I went into The Raven Boys by Maggie Stiefvater with absolutely no idea what to expect. I’ve never read anything by her before and the only reason I knew about her was because she was one of the authors at NerdCon. Thank goodness for NerdCon because this is the third book that that conference can take credit for me eating up and wanting more. There are awesome ladies with psychic powers, wealthy boys with an interest in magic and the ability to get a helicopter on a days notice, the promise of a death kiss, and some very rich and complex characters, how could I not be totally hooked?
This is the type of book that high school me would have been totally obsessed with. Grown up me (well kind of grown up me) still loves it but the hormones have settled a bit by this point so I’m less obsessive about it. The Raven Boys was a quick read, but it was the type of quick read that I’m sure if I go back and reread it I’ll catch something I may not have caught the first time round because it is so jam packed with story lines, characters, and intrigue.
Since it’s the first in a series it definitely has an introductory feel to it. I’ve found sometimes books that are the first in a series get too involved in introducing all the characters and plot lines and forget that there needs to be a story within the book as well. Stiefvater manages to introduce a whole new world of characters all the while keeping me on the edge of my seat about what’s going to happen next. The first half was little frustrating to read because it felt like there were more stories happening than I could possibly keep track of. Towards the middle of the book the story lines all started to come together and pushing through the frustrations of all the story lines was worth it because it made me so much more emotionally invested in all of the characters.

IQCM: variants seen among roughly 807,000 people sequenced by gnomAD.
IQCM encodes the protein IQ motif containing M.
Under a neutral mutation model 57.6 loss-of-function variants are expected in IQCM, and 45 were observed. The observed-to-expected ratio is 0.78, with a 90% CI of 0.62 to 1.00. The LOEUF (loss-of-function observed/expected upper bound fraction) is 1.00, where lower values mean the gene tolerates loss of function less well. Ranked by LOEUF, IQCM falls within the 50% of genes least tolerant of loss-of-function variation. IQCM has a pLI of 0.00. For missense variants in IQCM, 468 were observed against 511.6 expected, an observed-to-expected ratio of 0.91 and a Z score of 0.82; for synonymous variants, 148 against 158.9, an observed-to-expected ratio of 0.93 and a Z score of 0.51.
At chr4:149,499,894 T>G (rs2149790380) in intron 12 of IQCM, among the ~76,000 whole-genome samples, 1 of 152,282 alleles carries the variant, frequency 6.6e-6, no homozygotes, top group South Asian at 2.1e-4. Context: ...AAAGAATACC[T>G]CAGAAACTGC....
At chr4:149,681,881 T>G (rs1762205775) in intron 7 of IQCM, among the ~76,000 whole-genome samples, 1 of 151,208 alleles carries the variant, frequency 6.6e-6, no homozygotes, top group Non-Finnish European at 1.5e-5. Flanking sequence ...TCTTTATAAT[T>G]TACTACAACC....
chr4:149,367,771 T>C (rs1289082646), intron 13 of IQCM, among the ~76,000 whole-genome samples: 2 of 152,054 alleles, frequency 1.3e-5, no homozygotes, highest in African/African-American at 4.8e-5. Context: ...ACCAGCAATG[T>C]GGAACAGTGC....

The book switches perspectives between most of the Raven Boys, Blue (which is the name of a character. I’m pretty sure celebrities read this book to find the creative baby names they all seem to use. Lookin’ at you Jay Z and Beyonce.), and one of their teachers. Switching perspectives was a particularly good idea for this story because Blue starts off with some prejudices against the Raven Boys that could have colored them in a way that made them completely un relatable. As it was I often found myself so emotionally invested in all the characters that I didn’t even know what I wanted to happen. I just wanted them to all lay everything on the table and walk happily off into the sunset. Alas, books rarely seem to offer that.
I am very excited to read the rest of the series. Within a series the second book is always a little bit more telling of whether or not I’ll like the whole series because the introductions are over. It’s all story and tension and after the first book in The Raven Cycle series there are a lot of loose ends that I’d like to be tied up.